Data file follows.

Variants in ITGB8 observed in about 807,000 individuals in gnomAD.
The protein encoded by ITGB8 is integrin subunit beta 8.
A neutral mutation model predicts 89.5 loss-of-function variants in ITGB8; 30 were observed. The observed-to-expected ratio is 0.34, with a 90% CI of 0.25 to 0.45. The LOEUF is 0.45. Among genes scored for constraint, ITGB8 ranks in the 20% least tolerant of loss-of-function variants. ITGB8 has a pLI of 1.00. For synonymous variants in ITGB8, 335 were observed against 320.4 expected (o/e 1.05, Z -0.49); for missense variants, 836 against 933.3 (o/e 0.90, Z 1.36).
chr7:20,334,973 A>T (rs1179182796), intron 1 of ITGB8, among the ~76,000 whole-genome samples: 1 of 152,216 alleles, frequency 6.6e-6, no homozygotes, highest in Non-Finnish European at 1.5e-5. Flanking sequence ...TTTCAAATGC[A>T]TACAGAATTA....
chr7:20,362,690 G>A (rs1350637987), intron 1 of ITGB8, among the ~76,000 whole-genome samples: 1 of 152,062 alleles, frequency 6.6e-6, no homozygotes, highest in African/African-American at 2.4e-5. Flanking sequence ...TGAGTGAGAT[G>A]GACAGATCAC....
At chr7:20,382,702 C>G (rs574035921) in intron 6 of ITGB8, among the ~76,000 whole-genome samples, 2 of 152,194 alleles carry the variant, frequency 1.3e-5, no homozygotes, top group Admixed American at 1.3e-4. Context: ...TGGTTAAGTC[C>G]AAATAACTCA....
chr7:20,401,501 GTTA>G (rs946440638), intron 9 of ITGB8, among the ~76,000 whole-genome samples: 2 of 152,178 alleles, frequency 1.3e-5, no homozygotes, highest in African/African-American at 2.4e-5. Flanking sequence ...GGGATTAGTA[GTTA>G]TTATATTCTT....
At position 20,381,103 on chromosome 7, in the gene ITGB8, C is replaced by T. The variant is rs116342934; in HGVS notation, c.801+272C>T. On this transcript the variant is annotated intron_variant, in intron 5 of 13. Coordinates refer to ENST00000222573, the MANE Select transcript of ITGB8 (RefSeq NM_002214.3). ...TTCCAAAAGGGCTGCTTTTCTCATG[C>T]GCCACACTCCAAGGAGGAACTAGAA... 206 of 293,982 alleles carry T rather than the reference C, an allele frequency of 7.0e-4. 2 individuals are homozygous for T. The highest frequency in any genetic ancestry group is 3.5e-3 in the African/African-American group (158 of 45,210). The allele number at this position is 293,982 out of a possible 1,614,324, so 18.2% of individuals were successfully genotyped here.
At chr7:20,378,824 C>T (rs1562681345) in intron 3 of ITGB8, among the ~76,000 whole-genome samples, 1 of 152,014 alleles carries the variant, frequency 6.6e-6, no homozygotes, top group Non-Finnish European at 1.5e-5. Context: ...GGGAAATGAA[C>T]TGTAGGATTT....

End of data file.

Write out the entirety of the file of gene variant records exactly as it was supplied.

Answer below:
Variants in ITGB8 observed in about 807,000 individuals in gnomAD.
The protein encoded by ITGB8 is integrin subunit beta 8.
A neutral mutation model predicts 89.5 loss-of-function variants in ITGB8; 30 were observed. The observed-to-expected ratio is 0.34, with a 90% CI of 0.25 to 0.45. The LOEUF is 0.45. Among genes scored for constraint, ITGB8 ranks in the 20% least tolerant of loss-of-function variants. ITGB8 has a pLI of 1.00. For synonymous variants in ITGB8, 335 were observed against 320.4 expected (o/e 1.05, Z -0.49); for missense variants, 836 against 933.3 (o/e 0.90, Z 1.36).
chr7:20,334,973 A>T (rs1179182796), intron 1 of ITGB8, among the ~76,000 whole-genome samples: 1 of 152,216 alleles, frequency 6.6e-6, no homozygotes, highest in Non-Finnish European at 1.5e-5. Flanking sequence ...TTTCAAATGC[A>T]TACAGAATTA....
chr7:20,362,690 G>A (rs1350637987), intron 1 of ITGB8, among the ~76,000 whole-genome samples: 1 of 152,062 alleles, frequency 6.6e-6, no homozygotes, highest in African/African-American at 2.4e-5. Flanking sequence ...TGAGTGAGAT[G>A]GACAGATCAC....
At chr7:20,382,702 C>G (rs574035921) in intron 6 of ITGB8, among the ~76,000 whole-genome samples, 2 of 152,194 alleles carry the variant, frequency 1.3e-5, no homozygotes, top group Admixed American at 1.3e-4. Context: ...TGGTTAAGTC[C>G]AAATAACTCA....
chr7:20,401,501 GTTA>G (rs946440638), intron 9 of ITGB8, among the ~76,000 whole-genome samples: 2 of 152,178 alleles, frequency 1.3e-5, no homozygotes, highest in African/African-American at 2.4e-5. Flanking sequence ...GGGATTAGTA[GTTA>G]TTATATTCTT....
At position 20,381,103 on chromosome 7, in the gene ITGB8, C is replaced by T. The variant is rs116342934; in HGVS notation, c.801+272C>T. On this transcript the variant is annotated intron_variant, in intron 5 of 13. Coordinates refer to ENST00000222573, the MANE Select transcript of ITGB8 (RefSeq NM_002214.3). ...TTCCAAAAGGGCTGCTTTTCTCATG[C>T]GCCACACTCCAAGGAGGAACTAGAA... 206 of 293,982 alleles carry T rather than the reference C, an allele frequency of 7.0e-4. 2 individuals are homozygous for T. The highest frequency in any genetic ancestry group is 3.5e-3 in the African/African-American group (158 of 45,210). The allele number at this position is 293,982 out of a possible 1,614,324, so 18.2% of individuals were successfully genotyped here.
At chr7:20,378,824 C>T (rs1562681345) in intron 3 of ITGB8, among the ~76,000 whole-genome samples, 1 of 152,014 alleles carries the variant, frequency 6.6e-6, no homozygotes, top group Non-Finnish European at 1.5e-5. Context: ...GGGAAATGAA[C>T]TGTAGGATTT....